Once temporary because of the pandemic, more employees are working from home permanently - WCF Courier

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Laures said, prior to the pandemic, about 150 employees were offered the option of working remotely.
” There have been some hurdles in shifting employees to working remotely.
For a few, distractions at home made working remotely difficult.
” In 2020, VGM employee Jenny Hughes thought she would be working remotely for a couple of weeks.
” While some remote workers in the Cedar Valley may face technological challenges when working remotely, such as spotty internet connections, slow download times or screens freezing, Cedar Falls Utilities customers enjoy much more reliability.

Once temporary because of the pandemic, more employees are working from home permanently - WCF Courier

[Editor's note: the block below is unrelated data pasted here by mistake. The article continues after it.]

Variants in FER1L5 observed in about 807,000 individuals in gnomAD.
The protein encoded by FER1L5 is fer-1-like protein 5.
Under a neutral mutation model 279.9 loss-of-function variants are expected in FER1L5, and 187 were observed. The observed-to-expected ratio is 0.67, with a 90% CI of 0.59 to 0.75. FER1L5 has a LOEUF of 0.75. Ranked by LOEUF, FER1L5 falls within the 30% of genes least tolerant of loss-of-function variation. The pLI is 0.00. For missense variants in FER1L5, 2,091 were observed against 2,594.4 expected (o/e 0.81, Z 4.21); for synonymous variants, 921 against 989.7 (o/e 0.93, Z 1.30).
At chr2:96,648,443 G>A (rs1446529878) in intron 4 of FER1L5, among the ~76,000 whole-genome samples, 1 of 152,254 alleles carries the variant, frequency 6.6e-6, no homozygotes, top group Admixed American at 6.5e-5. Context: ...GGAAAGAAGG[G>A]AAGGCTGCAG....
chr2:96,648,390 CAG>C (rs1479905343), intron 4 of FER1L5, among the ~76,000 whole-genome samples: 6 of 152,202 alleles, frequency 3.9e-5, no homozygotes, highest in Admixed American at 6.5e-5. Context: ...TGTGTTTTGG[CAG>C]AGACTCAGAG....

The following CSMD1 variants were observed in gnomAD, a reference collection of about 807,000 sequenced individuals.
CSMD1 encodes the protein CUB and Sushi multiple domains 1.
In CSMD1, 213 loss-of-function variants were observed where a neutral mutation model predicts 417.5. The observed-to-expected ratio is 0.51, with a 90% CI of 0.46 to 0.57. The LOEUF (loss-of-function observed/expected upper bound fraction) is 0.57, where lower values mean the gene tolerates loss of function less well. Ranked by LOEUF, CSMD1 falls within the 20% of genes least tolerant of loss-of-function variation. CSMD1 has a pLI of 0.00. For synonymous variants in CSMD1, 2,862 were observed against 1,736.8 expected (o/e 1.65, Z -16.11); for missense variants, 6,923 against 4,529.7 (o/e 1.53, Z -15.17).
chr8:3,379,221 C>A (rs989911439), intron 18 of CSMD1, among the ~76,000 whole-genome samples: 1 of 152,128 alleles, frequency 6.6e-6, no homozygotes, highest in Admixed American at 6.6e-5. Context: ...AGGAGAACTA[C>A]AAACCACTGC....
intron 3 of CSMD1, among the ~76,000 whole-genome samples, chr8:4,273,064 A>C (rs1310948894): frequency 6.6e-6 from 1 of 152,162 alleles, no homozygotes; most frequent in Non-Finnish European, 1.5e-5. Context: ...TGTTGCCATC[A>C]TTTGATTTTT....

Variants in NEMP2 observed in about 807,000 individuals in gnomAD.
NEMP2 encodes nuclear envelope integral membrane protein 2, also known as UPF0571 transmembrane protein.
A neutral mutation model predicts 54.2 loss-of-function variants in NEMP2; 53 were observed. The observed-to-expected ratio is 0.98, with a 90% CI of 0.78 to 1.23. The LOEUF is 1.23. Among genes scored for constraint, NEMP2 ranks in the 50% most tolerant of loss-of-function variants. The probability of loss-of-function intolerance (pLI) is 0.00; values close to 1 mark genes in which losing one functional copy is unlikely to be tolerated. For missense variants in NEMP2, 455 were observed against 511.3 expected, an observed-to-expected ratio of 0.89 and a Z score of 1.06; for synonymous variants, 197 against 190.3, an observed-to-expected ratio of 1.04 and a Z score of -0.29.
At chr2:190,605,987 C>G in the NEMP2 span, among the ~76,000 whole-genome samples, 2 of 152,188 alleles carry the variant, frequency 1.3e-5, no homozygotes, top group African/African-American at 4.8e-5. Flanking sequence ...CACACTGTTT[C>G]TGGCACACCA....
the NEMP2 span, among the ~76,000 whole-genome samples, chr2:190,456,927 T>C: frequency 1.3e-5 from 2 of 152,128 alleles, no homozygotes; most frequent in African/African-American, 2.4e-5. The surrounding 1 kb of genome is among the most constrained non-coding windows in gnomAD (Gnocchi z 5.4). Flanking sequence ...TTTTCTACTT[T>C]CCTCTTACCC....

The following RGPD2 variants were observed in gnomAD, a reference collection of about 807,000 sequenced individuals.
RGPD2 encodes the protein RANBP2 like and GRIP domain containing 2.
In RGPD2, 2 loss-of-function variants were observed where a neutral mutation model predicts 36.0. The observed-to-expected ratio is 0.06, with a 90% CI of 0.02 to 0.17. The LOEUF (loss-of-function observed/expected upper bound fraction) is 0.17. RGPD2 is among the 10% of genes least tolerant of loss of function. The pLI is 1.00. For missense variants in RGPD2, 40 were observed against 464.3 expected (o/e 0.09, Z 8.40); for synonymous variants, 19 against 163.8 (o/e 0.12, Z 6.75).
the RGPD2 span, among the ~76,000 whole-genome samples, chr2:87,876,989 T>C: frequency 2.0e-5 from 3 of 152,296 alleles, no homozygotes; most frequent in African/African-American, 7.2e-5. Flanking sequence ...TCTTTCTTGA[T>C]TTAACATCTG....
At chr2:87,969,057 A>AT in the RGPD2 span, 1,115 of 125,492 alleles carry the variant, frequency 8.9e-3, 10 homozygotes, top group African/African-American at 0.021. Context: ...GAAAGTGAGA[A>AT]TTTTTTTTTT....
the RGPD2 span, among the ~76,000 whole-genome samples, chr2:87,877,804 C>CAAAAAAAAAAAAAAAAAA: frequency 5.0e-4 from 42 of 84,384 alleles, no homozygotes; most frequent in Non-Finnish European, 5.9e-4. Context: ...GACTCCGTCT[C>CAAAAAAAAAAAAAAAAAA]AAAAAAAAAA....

When Diane Popelka packed up her office in March 2020, she thought it would only be for a few weeks. Popelka, the director of finance and human resources for the Grout Museum District in Waterloo, was advised by doctors to work from home as the number of COVID-19 cases rose in Black Hawk County. Popelka, of rural Clutier, has health issues that compromise her immune system. Contracting the virus could have serious implications for her. She was not able to return to the workplace for 14 months. With cases of the omicron variant recently on the rise, the scenario recently played out again as Popelka loaded her car with office equipment and supplies for another stint at home. “I’m hoping it won’t last long this time,” she said. Popelka comes into the office once a week to turn in work she has completed and to pick up more. She likes the fact that she is only making the more-than-70-mile roundtrip drive once a week now. “It’s especially nice in the winter,” she said. When Popelka initially approached Grout Executive Director Billie Bailey about working from home, Bailey didn’t hesitate to support Popelka. “She told me to pack up at the end of the day and go home. I’m grateful for that.” Offering optionsLocal businesses are increasingly offering their employees the option of working from home. Sara Laures is the chief people officer for the VGM Group. Her duties include talent, recruitment and human resources for Waterloo facility operations. According to Laures, VGM currently has 450 of its 1,100 employees working from home. “And we have another 250 with hybrid work arrangements,” she said. Those employees split their worktime between home and the office. Laures said, prior to the pandemic, about 150 employees were offered the option of working remotely. “After the pandemic hit, we had to pivot and think differently,” she said. “In April 2020 when the (COVID) numbers in Black Hawk County started going up, we told employees, if your job allows you to, we suggest everyone work from home,” Laures said. “Our employees were thankful,” she said. “We have a family-friendly culture, and we need to keep our employees and our clients safe.” The changes have worked out well for the company and its employees. The benefits for employees have been a better work-life balance, Laures said. “They appreciate the flexibility,” she said. “If working parents need to drop off or pick kids up from daycare, they have the flexibility to do that. “We’ve also seen increased productivity and performance increases in a number of cases, probably because of fewer workplace distractions and interruptions. That was a surprise to some of us. We’ve seen some good numbers coming from those people.” Safety issueAnother big positive for employees in outlying communities is eliminating the commute to the office, especially in the winter, Laures said. “It can be a safety issue for them,” she said. Additionally, by offering a remote option, businesses can attract more people from those communities if the commute is not a consideration for accepting a job offer. “That’s probably the biggest thing,” she said. “We have changed the way we look at recruiting and hiring. We can look nationwide instead of looking just in the local area. We’ve been able to expand our pool.” There have been some hurdles in shifting employees to working remotely. “We had to make some investments in company-issued equipment to get people set up at home,” Laures said. For workers splitting their time between the office and home, VGM offers discounted pricing on office equipment. “So they aren’t toting equipment back and forth,” Laures said. Missed interactionOne downside of working from home is missing out on that face-to-face interaction, Laures said. “People have to take ownership of staying connected with their supervisors and co-workers from home,” she said. For a few, distractions at home made working remotely difficult. “That can certainly be a factor,” she said. “We have had some employees with small children who chose to come back to the office to work. “But I think as a company and as a society, we are more understanding in giving them more grace if there is a pet or a child in the background during a meeting. “There can be instances of employees not managing their time well, but that’s a rarity.” Internet connectivity and speed can sometimes be a challenge, as well. “We’ve had a couple of internet outages, freezing video calls and technology challenges,” she said. “But overall, our employees have adjusted quite well, and they are thankful for the opportunity.” In 2020, VGM employee Jenny Hughes thought she would be working remotely for a couple of weeks. “Two years later, I’m still at home,” she said. Hughes is an account manager for Moxie, a marketing agency under the VGM Group umbrella. She serves as a liaison between the VGM creative team and clients. “I am 100 percent remote,” she said. “I was working from my kitchen table for about six months, because I wasn’t sure how long this would last. Now I have a little home office set up.” Hughes lives in Independence with her husband, who also works from home. She doesn’t see herself returning to working the office. “This has been pretty nice,” she said. “I have more time with my family without the commute, and I find there are fewer distractions. “I do miss seeing my co-workers face to face, but when the COVID numbers are down, we still meet up and do things together. “I’m just really thankful they gave us the option,” she said. “I think that it is a benefit you can extend to your employees, one more tool in the bucket to keep them around. “We have an amazing IT team. The amount of hours they put in when we first went remote was incredible. They’ve been quite amazing. Not every company has a team like that. We’re very fortunate.” While some remote workers in the Cedar Valley may face technological challenges when working remotely, such as spotty internet connections, slow download times or screens freezing, Cedar Falls Utilities customers enjoy much more reliability. “We are fortunate here at CFU,” said General Manager Steve Bernard. “We have been re-investing in our system continuously to increase our speed and reliability. In 2013, we upgraded to all fiber network, and that is connected to every home and every business. It is available to everyone, and almost everyone is hooked up. “In June of 2020, we upgraded our speed to 250 megabits per second. That was right when everyone was staying home because of the pandemic. In hindsight, that was pretty good timing. “People stayed home for work, for school and were accessing streaming platforms for entertainment and home exercise systems.” “While this was important for businesses, we also heard from the Cedar Falls School District and UNI about the value it was to their students’ remote learning and the smooth transition it made for their faculty and staff.” Bernard said other communities in the area offer about a quarter of the bandwidth, and some are as low as 10%. “We have an incredible amount of capacity,” he said. “It is a world-class system. Jeff Kaplan agrees. Kaplan, a remote work expert, is co-founder of LIFTinnovate, a company that assists businesses and organizations address sudden change. “Employees are renegotiating their relationship with work,” he said. “Two of the most important things to employees are compensation and flexibility. They want a work-life balance. Even before the pandemic, there was a trend toward remote work. The pandemic just accelerated it. “Employers never had a real incentive to offer the option,” he said. “There was a natural reluctance. Employers said, ‘Show up, shut up, and do it my way.’ “But with working remotely, we’ve the same or greater productivity. Employers and employees are happier.” Kaplan said instead of financing physical locations for office space, businesses can focus those funds on their core products. “They are not wasting money. That will bring down the cost of goods. Kaplan said working remotely will last long after the pandemic is over. “It’s here and it’s here to stay,” he said “You can’t unscramble an egg.” Kaplan said the challenge will be to keep people apace in terms of technology. “We cannot leave the technically disabled behind. That is really important.” Love 0 Funny 0 Wow 0 Sad 0 Angry 0